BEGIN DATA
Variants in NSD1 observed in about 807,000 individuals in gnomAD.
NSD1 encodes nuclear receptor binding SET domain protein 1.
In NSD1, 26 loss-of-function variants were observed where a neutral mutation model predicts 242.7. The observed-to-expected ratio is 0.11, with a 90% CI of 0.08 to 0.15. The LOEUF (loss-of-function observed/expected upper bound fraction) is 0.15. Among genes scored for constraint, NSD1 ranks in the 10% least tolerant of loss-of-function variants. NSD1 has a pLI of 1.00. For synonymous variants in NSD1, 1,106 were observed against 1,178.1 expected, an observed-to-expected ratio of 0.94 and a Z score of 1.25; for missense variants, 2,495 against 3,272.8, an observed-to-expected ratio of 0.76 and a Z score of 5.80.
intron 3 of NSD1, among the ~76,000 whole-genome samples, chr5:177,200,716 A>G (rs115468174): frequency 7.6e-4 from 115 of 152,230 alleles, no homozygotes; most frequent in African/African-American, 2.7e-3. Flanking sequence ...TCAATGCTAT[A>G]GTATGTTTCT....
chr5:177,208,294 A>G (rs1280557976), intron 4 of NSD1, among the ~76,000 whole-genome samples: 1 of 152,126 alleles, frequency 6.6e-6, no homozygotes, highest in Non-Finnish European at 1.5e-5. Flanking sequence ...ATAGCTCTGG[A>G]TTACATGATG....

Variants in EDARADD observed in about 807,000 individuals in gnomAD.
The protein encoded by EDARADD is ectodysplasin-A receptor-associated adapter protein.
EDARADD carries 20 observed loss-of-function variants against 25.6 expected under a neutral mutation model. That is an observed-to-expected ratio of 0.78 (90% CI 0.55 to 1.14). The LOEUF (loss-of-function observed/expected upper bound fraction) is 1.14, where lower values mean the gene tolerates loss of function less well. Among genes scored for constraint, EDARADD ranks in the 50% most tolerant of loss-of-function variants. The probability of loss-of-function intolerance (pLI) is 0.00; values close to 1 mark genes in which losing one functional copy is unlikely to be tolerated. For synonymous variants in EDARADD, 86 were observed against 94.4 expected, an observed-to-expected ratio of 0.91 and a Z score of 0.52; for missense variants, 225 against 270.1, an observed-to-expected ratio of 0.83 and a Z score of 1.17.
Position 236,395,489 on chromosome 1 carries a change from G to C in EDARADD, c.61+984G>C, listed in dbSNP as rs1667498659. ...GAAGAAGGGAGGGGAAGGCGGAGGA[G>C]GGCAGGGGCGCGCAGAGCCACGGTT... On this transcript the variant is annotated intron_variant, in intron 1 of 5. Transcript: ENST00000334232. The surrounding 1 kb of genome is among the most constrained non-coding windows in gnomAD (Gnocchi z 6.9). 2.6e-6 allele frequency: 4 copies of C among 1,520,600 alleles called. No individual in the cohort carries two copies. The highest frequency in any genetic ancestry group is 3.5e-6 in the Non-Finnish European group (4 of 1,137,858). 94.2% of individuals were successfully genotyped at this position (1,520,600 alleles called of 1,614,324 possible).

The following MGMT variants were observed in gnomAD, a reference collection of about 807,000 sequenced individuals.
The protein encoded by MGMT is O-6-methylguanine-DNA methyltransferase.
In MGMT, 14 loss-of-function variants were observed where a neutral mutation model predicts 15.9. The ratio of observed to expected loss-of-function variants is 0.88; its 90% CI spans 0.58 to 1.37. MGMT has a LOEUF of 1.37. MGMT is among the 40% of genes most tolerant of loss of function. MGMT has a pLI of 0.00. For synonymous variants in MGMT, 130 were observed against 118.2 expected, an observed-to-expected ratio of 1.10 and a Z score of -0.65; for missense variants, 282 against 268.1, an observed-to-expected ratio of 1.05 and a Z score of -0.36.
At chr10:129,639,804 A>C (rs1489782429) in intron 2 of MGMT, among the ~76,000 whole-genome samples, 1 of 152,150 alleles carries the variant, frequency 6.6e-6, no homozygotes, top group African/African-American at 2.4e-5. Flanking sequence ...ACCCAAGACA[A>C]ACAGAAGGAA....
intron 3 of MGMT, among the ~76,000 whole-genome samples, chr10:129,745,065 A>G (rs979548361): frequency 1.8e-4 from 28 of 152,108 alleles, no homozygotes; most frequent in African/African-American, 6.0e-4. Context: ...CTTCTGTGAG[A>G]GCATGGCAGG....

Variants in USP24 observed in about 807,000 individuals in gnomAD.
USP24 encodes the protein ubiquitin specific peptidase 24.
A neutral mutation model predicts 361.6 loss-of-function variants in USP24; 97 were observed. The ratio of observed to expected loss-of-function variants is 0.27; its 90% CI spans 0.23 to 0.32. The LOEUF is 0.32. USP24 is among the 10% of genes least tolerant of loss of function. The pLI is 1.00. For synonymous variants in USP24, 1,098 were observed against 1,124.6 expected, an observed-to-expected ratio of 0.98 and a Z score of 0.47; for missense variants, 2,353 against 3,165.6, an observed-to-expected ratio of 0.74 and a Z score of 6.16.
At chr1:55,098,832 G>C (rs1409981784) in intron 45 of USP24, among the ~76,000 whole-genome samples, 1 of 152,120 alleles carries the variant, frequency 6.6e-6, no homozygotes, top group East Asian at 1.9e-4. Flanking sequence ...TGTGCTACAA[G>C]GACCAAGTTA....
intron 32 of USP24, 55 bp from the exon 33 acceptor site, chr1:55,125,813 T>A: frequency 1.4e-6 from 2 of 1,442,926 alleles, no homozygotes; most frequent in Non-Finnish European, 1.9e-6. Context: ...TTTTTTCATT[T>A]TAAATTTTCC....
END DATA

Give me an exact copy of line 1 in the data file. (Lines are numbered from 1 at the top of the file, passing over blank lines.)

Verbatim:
Variants in NSD1 observed in about 807,000 individuals in gnomAD.